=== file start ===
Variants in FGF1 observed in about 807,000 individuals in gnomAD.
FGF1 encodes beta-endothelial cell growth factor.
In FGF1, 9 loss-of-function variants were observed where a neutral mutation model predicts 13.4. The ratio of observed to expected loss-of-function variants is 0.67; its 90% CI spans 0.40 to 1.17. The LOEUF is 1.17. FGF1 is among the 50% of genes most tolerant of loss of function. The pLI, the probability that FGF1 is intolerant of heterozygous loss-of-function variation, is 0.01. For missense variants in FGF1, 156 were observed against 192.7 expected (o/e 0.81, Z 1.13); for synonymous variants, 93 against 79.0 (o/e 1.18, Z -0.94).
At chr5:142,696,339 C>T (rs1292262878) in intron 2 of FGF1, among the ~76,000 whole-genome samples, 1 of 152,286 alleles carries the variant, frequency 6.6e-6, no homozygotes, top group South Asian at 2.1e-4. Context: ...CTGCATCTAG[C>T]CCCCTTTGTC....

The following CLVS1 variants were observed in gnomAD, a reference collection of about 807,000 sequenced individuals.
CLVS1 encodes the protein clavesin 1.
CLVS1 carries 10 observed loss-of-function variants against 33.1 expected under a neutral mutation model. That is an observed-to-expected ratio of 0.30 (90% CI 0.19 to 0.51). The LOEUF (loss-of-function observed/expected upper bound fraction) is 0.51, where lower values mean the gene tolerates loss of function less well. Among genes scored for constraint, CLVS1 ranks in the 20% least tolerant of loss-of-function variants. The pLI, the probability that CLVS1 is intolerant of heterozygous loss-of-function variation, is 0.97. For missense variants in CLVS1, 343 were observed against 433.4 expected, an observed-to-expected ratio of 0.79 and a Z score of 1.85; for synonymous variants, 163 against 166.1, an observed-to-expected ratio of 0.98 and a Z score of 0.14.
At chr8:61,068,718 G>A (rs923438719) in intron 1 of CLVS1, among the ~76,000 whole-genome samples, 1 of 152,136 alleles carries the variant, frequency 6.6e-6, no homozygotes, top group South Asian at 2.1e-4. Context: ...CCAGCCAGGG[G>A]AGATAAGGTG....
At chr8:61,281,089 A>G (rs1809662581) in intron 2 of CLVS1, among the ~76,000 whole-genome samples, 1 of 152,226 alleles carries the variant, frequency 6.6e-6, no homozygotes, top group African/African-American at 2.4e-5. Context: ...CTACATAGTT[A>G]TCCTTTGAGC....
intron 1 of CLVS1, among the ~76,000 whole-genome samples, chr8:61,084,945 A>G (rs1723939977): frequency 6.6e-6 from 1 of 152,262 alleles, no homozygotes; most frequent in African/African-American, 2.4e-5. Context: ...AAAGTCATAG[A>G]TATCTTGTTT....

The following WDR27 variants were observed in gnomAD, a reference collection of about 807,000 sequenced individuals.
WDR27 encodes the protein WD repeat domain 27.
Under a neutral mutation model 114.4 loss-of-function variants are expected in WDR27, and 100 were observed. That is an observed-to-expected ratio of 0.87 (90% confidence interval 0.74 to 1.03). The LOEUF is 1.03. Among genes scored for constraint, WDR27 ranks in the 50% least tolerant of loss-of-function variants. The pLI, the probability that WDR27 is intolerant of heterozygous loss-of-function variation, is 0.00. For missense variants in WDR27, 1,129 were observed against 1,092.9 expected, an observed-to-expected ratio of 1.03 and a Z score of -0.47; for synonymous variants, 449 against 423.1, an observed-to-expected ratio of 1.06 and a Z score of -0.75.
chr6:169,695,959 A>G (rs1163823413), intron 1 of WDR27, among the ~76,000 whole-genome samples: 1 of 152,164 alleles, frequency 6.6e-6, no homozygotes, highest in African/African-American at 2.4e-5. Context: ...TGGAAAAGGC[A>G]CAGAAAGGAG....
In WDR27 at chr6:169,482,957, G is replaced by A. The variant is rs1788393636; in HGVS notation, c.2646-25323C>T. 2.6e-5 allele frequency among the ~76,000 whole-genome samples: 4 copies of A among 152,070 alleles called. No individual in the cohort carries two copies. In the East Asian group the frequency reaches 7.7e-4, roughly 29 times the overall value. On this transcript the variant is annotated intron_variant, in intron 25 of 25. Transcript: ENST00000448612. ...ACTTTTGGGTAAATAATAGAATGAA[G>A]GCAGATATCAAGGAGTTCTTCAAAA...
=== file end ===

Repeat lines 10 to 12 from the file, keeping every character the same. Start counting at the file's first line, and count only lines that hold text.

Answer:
intron 1 of CLVS1, among the ~76,000 whole-genome samples, chr8:61,084,945 A>G (rs1723939977): frequency 6.6e-6 from 1 of 152,262 alleles, no homozygotes; most frequent in African/African-American, 2.4e-5. Context: ...AAAGTCATAG[A>G]TATCTTGTTT....

The following WDR27 variants were observed in gnomAD, a reference collection of about 807,000 sequenced individuals.
WDR27 encodes the protein WD repeat domain 27.